Wednesday 14 December 2011

Camera Buff [1979]

Krzysztof Kieslowski, a towering figure in East European Cinema, began his journey down the road to immortality with Camera Buff, as this wasn’t just the Polish legend’s sophomore feature, but also his breakthrough film. The movie worked at various levels – on the surface, it was a self-reflexive work in that its protagonist is an amateur documentary filmmaker (interestingly, as was Kieslowski himself before he ventured into feature filmmaking); however, in essence, it remains an wonderfully observed and executed satire on surviving in the then-Polish society and in any authoritarian regimes in general, particularly for a non-conformist artiste. Filip Mosz (Jerzy Stuhr), the film’s protagonist, is an everyday Joe who buys an 8-mm movie camera in order to film his newly born child, but he soon graduates to filming seemingly mundane events and life around him – both at work and in his neighbourhood. Ironically, and unfortunately for him, the more adept and passionate he becomes in this activity (he even wins a prize and a contract with a TV-station), the more he starts suffering – he earns the wrath of his boss, while his wife leaves him. Thus, the movie also was a pointed observation on the act of filmmaking too, and how cinema can be a harbinger of unexpected changes – both good and otherwise. This exquisitely photographed and beautifully scored bittersweet film is filled with low-key humour, strongly palpable humanism, subtle poeticism, terrific character development, and sharp socio-political commentaries, and boasted of fine, naturalistic turns by the cast.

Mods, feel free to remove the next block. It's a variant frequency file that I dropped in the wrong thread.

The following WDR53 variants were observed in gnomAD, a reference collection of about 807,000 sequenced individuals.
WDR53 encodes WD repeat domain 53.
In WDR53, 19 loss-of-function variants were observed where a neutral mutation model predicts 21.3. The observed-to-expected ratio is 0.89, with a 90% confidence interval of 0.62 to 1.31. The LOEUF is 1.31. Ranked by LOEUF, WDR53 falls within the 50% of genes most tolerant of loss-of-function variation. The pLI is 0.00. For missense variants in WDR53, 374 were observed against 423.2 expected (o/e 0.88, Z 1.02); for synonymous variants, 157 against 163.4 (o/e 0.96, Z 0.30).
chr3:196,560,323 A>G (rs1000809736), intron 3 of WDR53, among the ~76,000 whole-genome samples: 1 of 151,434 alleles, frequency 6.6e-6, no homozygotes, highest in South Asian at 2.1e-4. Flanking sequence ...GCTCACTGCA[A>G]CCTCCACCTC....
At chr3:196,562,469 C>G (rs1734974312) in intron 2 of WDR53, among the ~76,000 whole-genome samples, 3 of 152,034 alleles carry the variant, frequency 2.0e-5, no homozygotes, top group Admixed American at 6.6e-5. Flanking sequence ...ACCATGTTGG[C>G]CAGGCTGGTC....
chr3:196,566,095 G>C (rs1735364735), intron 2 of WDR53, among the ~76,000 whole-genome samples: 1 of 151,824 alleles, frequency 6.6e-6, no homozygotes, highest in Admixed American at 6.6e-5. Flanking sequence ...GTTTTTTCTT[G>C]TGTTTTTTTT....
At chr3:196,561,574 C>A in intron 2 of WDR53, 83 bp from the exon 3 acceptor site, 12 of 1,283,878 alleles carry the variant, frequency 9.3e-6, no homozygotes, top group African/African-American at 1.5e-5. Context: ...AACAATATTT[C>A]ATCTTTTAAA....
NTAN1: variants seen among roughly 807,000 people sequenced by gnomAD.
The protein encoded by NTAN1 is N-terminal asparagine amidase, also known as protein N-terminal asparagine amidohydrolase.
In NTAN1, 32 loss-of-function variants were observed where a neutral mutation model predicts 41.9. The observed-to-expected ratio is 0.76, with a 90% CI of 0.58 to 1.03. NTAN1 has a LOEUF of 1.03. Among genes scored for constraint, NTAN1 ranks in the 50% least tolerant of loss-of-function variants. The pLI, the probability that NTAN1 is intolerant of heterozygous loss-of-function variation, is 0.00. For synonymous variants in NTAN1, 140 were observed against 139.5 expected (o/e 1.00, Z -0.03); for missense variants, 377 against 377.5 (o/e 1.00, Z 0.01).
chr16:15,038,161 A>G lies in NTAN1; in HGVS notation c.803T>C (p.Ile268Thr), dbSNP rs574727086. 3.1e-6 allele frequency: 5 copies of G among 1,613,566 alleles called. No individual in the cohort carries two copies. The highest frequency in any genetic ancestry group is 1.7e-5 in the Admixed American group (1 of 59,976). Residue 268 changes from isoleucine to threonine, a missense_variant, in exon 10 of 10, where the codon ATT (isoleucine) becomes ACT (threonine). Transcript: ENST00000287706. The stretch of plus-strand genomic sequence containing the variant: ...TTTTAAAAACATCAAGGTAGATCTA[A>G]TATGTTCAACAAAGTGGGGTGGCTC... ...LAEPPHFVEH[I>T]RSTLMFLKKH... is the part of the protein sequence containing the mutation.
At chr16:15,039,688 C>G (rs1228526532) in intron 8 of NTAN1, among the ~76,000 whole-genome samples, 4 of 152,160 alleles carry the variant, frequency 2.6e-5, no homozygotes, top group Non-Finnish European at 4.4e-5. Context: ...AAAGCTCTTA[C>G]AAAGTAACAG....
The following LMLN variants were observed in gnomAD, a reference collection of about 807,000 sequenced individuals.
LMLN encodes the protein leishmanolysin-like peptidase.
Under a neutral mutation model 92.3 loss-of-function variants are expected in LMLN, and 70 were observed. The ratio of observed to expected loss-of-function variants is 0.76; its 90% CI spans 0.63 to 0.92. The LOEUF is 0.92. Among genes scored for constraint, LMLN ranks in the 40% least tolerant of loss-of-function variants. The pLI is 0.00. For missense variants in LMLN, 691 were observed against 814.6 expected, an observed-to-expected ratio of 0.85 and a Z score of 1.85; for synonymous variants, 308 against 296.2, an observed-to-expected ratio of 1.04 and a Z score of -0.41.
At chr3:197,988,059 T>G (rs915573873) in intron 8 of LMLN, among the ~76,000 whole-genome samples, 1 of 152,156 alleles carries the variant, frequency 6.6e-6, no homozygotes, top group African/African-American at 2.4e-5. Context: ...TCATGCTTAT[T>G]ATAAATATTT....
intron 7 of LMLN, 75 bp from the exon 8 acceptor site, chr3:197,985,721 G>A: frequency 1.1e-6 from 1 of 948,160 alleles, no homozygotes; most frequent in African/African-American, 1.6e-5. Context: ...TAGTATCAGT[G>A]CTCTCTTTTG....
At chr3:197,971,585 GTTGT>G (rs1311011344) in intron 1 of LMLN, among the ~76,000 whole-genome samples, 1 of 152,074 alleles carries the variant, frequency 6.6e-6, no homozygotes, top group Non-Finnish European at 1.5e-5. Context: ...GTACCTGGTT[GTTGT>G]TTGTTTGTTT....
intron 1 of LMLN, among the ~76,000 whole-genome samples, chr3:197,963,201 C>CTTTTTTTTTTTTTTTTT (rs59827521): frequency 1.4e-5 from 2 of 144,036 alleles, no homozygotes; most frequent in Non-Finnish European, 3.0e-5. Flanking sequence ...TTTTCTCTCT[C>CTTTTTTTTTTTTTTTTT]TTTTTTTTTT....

Director: Krzysztof Kieslowski
Genre: Drama/Political Satire
Language: Polish
Country: Poland


Alexandre Fabbri said...

One thing this film shows well is that the moment the man behind a camera points that camera to something external to himself in a contrived way, the shot footage ceases to be a faithful documentary of life as it's happening all around and instead reflects the bias of the man controlling the camera. This is why Kieslowski has Filip Mosz turn the camera onto himself to illustrate the fact that even so-called 'documentary' films are in the hand of the director and is in no way necessarily a faithful and true representation of facts. Which brings us onto the question as to whether news reporting today, as seen on millions of television screens in all countries of the world, is really of any true value to its audience. We have been led to believe it is.